Gomer, Richard Hans (1983) The role of filamin in the morphogenesis of the skeletal muscle sarcomere. Dissertation (Ph.D.), California Institute of Technology. http://resolver.caltech.edu/CaltechETD:etd-12212004-095323
During chicken skeletal myogenesis in tissue culture, filamin is found on stress fibers in myoblasts and early myotubes. Approximately one day after fusion and shortly before [alpha]-actinin transits to Z lines, filamin disappears from the cells. The disappearance of filamin is correlated with a cessation of its synthesis. Approximately six days after fusion, filamin reappears at the Z lines of myogenic cells, shortly before desmin and vimentin transit to the Z line. In adult muscle, filamin is found at the periphery of the Z disk, along with desmin and vimentin. Peptide map analysis of the various filamins shows that gizzard and fibroblast filamins are identical while myoblast filamin is quite similar to these two filamins. Cultured myotube and adult myofibril filamins are virtually identical to each other and are quite different polypeptides when compared to gizzard, fibroblast and myoblast filamins. Analysis of terminally differentiated slow and fast muscle shows that both muscle types contain identical, skeletal muscle type filamins although in the slow muscle, filamin is distributed additionally on the I band. The molar filamin to actin ratio is 1:25 in gizzard and fibroblast, 1:54 in myoblasts, 1:820 in fast skeletal myofibrils and 1:82 in slow skeletal myofibrils.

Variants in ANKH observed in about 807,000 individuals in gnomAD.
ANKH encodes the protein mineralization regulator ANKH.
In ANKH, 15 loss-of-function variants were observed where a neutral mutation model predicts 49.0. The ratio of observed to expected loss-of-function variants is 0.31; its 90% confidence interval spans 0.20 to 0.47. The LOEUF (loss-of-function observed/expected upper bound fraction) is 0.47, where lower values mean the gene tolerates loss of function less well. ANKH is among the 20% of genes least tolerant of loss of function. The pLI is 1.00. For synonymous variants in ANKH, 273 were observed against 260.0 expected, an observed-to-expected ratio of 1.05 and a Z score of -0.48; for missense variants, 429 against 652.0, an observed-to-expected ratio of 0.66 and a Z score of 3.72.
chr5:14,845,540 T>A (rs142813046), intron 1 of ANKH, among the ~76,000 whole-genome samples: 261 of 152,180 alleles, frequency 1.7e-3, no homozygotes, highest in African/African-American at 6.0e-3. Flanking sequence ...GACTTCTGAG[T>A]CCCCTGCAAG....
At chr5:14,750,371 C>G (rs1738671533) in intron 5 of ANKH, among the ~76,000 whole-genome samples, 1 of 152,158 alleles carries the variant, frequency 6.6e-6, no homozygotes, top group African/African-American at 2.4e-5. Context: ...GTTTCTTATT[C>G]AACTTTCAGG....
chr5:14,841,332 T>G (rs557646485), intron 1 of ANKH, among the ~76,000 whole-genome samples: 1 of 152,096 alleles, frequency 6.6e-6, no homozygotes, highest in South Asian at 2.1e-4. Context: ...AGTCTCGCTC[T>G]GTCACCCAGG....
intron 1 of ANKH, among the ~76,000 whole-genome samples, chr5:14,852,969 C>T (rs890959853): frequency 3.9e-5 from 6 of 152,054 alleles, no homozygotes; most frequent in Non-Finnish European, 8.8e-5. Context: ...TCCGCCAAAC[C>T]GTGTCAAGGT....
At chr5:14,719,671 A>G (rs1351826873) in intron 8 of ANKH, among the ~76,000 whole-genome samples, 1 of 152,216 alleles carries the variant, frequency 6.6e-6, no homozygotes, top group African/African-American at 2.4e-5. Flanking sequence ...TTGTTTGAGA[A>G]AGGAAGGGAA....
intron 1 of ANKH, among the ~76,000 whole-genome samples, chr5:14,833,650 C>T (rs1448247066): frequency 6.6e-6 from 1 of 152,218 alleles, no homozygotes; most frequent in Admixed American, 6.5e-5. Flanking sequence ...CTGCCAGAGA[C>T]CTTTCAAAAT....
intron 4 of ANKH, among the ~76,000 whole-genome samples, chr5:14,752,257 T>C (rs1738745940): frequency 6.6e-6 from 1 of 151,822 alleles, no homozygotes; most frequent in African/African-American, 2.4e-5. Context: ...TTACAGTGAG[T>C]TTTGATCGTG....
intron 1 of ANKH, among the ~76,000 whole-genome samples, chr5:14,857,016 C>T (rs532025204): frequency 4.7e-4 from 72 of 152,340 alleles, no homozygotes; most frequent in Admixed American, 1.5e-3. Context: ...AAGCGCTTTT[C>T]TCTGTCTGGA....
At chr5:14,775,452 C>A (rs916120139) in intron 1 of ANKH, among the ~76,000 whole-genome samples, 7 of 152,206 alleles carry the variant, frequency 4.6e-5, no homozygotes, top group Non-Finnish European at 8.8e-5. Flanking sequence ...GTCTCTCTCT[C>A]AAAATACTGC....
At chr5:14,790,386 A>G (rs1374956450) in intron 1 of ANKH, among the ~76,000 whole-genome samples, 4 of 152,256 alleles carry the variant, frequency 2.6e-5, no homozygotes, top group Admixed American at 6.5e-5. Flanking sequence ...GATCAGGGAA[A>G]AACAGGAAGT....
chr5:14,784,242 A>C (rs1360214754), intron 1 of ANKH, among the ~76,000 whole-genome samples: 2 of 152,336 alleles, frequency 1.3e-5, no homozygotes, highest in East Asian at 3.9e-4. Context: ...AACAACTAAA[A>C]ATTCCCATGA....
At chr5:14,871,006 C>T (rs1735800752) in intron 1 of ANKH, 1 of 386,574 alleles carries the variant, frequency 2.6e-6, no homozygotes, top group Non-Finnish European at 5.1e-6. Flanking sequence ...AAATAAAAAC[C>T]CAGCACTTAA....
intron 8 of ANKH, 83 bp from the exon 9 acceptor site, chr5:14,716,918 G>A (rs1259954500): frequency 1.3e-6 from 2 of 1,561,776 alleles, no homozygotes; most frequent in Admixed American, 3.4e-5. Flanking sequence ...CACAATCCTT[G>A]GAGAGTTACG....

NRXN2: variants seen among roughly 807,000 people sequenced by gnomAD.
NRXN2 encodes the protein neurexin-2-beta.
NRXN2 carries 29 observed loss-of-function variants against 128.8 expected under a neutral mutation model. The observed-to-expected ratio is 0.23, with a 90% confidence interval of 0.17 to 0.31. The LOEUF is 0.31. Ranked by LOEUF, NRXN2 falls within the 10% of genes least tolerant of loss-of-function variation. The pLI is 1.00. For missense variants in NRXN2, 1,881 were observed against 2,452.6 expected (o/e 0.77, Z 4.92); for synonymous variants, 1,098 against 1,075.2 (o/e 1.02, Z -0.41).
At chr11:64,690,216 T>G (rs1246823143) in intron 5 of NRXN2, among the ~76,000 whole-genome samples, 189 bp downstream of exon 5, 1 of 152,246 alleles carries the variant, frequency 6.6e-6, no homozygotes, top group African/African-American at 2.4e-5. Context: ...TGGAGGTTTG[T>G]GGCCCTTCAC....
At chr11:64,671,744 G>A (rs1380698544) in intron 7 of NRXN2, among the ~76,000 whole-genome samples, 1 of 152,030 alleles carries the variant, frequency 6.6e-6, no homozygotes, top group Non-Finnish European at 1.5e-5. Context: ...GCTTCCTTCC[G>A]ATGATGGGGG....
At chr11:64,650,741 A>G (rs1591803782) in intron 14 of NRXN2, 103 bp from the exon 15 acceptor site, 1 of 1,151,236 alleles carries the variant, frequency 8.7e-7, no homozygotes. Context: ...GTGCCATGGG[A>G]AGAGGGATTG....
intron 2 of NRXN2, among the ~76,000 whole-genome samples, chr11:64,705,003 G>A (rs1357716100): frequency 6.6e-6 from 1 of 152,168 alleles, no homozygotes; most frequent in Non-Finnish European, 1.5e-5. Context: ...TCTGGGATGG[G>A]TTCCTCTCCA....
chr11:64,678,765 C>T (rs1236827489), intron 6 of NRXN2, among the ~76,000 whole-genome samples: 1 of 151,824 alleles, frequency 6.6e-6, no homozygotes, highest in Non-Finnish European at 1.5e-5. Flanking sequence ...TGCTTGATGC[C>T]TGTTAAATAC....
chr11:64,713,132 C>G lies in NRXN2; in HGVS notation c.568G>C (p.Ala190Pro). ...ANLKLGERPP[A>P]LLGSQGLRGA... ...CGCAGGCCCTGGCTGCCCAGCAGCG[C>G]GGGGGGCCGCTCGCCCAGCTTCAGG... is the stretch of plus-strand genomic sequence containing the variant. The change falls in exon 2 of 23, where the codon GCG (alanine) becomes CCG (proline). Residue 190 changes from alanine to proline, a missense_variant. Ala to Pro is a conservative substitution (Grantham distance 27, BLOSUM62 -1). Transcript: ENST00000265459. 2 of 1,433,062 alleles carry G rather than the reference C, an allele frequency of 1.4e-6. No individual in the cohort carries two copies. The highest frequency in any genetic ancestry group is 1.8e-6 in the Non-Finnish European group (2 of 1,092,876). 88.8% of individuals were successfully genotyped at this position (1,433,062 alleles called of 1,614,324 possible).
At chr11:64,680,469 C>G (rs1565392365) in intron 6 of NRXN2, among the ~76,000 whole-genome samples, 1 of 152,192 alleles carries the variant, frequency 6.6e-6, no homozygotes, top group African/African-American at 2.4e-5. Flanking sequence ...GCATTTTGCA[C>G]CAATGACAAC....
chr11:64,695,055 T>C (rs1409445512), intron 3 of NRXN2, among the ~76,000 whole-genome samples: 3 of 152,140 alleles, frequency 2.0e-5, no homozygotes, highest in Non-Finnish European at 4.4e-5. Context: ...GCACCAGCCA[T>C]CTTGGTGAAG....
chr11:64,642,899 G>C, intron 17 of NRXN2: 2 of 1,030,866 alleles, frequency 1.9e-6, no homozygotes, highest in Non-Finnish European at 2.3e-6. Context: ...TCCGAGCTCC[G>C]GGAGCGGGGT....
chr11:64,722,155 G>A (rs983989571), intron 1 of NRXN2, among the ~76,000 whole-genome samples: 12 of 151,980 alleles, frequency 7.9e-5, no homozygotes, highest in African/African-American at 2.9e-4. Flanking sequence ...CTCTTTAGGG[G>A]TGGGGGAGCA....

These results offer several new insights into eucaryotic molecular morphogenesis. From the disappearance of filamin during myogenesis, we see that a morphogenetic process may involve the temporary removal of a family of proteins. The different distributions of identical filamin polypeptides in slow and fast muscle indicates that filamin may be synthesized at different times and rates in the two myogenic processes. It appears that, at least in the case of the skeletal muscle sarcomere, temporal control of protein synthesis may be an important part of eucaryotic molecular morphogenesis.
|Item Type:||Thesis (Dissertation (Ph.D.))|
|Degree Grantor:||California Institute of Technology|
|Thesis Availability:||Public (worldwide access)|
|Defense Date:||3 February 1983|
|Non-Caltech Author Email:||richard (AT) rice.edu|
|Default Usage Policy:||No commercial reproduction, distribution, display or performance rights in this work are provided.|
|Deposited By:||Imported from ETD-db|
|Deposited On:||21 Dec 2004|
|Last Modified:||26 Dec 2012 03:14|
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